Overview of federal entrapment defense

by Sami Azhari on October 17, 2010

Federal Law | Entrapment by FBI Agents | Chicago Police Department | US Attorney | Northern District of Illinois | Rockford Federal Court

As an alternative to the defense that the government has failed to prove the defendant guilty beyond a reasonable doubt, the defendant may allege that he was entrapped. An entrapment defense admits that the offense took place, but alleges that the defendant would not have committed the offense but for the influence of law enforcement. This defense should be considered carefully in cases involving undercover agents and sting operations, which involve law enforcement officers posing as regular people while the defendant engages in some activity to be prosecuted later.

Investigations conducted by the Bureau of Alcohol, Tobacco and Firearms, Federal Bureau of Investigation, and Drug Enforcement Administration, will frequently involve some sort of deceptive arrangement. At times, federal investigators will conduct the investigation with the assistance of police officers from that city or deputies of the county sheriff.

All of these investigators are trained in techniques to get someone to participate in a scheme with a criminal purpose. While their participation may seem voluntary, federal courts recognize that the decision to participate may not be, legally voluntary.

The elements of an entrapment defense are the following:

  1. Inducement to commit a crime.
  2. Absence of a predisposition to commit a crime.

Entrapment is not codified in any statute in the United States Code (USC). Rather, it is a common law defense that the courts have recognized as necessary for due process.

The defendant must prove both elements in trial. Entrapment is not a defense that the defendant can raise prior to trial, such as a motion to dismiss.

Generally, the defendant can prove these elements by cross-examination of the government’s witnesses and then, when the United States has rested, present some evidence of his own during the defendant’s case. It may be possible to prove the entrapment defense entirely during the prosecution’s case, but that would be risky, because the jury would never hear from the defendant.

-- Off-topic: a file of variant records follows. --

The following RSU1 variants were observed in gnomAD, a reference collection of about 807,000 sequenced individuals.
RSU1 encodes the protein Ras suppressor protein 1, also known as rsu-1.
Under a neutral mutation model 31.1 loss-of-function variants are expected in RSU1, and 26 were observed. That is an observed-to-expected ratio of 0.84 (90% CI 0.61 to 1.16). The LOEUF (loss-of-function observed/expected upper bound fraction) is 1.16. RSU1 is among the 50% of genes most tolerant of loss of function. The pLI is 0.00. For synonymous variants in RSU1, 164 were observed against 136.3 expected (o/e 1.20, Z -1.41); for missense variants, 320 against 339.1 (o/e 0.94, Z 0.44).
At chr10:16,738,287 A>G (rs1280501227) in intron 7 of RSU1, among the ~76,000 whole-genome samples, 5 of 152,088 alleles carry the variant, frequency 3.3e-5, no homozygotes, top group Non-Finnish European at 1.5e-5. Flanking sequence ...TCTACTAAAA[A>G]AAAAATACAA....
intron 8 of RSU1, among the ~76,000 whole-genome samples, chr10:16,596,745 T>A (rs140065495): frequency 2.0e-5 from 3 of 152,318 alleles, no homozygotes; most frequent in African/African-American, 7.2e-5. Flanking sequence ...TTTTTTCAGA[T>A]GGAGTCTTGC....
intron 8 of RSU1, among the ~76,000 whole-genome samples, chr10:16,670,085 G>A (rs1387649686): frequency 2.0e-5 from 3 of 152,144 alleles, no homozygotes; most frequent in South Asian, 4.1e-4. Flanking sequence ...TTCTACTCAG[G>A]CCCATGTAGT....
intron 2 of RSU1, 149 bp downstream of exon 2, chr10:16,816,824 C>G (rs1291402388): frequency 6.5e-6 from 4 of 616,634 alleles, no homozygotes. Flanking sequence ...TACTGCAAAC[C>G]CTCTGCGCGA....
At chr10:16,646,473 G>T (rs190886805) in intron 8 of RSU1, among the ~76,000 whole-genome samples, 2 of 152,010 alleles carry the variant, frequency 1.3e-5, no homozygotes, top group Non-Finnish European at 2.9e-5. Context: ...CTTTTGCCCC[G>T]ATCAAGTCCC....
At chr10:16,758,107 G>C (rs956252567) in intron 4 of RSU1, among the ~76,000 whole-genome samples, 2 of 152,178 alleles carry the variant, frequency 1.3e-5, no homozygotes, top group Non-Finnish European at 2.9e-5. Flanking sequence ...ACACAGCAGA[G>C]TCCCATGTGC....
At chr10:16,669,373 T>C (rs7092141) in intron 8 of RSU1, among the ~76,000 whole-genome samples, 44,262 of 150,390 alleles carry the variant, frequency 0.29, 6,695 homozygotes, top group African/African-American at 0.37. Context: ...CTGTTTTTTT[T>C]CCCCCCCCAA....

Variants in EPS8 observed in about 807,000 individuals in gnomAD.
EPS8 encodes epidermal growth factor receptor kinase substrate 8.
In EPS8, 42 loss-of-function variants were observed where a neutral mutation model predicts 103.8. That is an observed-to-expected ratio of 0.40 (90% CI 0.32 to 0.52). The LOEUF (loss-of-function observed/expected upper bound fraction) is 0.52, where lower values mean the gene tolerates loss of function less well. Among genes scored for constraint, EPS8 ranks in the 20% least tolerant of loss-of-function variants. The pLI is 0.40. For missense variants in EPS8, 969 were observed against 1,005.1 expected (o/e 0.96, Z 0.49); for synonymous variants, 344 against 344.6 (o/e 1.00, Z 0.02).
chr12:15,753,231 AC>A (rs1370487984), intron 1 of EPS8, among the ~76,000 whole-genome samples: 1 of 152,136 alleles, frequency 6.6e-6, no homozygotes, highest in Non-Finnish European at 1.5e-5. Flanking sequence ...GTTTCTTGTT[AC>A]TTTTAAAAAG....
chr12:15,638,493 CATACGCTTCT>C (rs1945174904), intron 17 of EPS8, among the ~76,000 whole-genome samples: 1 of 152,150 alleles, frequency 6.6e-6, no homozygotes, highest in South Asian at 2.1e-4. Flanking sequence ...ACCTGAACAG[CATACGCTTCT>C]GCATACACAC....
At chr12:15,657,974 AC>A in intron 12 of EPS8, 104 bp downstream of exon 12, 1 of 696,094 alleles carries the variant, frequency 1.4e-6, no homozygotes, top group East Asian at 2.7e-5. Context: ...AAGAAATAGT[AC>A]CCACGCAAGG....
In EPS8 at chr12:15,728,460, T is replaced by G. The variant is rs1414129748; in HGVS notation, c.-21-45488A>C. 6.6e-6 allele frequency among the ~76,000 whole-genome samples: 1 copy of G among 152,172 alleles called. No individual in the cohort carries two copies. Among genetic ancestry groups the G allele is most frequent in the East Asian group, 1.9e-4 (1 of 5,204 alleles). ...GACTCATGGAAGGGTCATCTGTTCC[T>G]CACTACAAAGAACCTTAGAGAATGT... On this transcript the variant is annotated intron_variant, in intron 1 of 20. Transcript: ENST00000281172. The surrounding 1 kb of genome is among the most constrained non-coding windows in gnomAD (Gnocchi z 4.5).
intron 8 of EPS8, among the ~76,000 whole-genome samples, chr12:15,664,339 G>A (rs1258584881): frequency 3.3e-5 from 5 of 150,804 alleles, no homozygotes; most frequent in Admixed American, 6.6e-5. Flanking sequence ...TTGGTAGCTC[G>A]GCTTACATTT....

Inducement to commit a crime is the critical issue. Solicitation to commit a crime is not inducement. While there is no definition of inducement, the courts have said it is more than asking someone to commit a crime.

Inducement is at least persuasion or mild coercion. It may also be based on pleas of need, sympathy or friendship.

The fact that federal investigators engaged in deception, lies, subterfuge, or misrepresentation, does not, by itself, establish inducement.

Whether the defendant was induced is a question for the jury to decide.

The defendant must also demonstrate that he was not predisposed to commit the crime. He must prove a lack of predisposition. Predisposition is not the same issue as intent. If the defendant is arguing that he did not intend to commit the crime, then this is not an entrapment defense. Entrapment says the defendant intended to do it, but did so because of the influence of government agents.

Generally, a lack of predisposition suggests the defendant was law-abiding but under the circumstances, had no choice but to commit the crime.

The vagueness of entrapment allows the defense to make a variety of arguments to the jury. The issue is what will the jury will believe.

The opinion of the author is that jurors are very sensitive to the appearance of fairness. If they see the defendant as outnumbered and outmatched by federal investigators and prosecutors, they may feel sympathy for him and believe an entrapment defense. Jurors may disapprove of deception and lies by federal investigators.

In any case, the defense should concentrate on presentation. Present the defendant as a person and attempt to get the jury to acknowledge human nature means people make mistakes, and while the crime was no ordinary mistake, the deceptive influence of the federal government was the difference. That is why the defendant committed the crime.

If the facts of the case involve an undercover drug transaction, purchase of firearms, sting operation, or the involvement of an agent posing as a regular person in some type of setup, entrapment should be contemplated.

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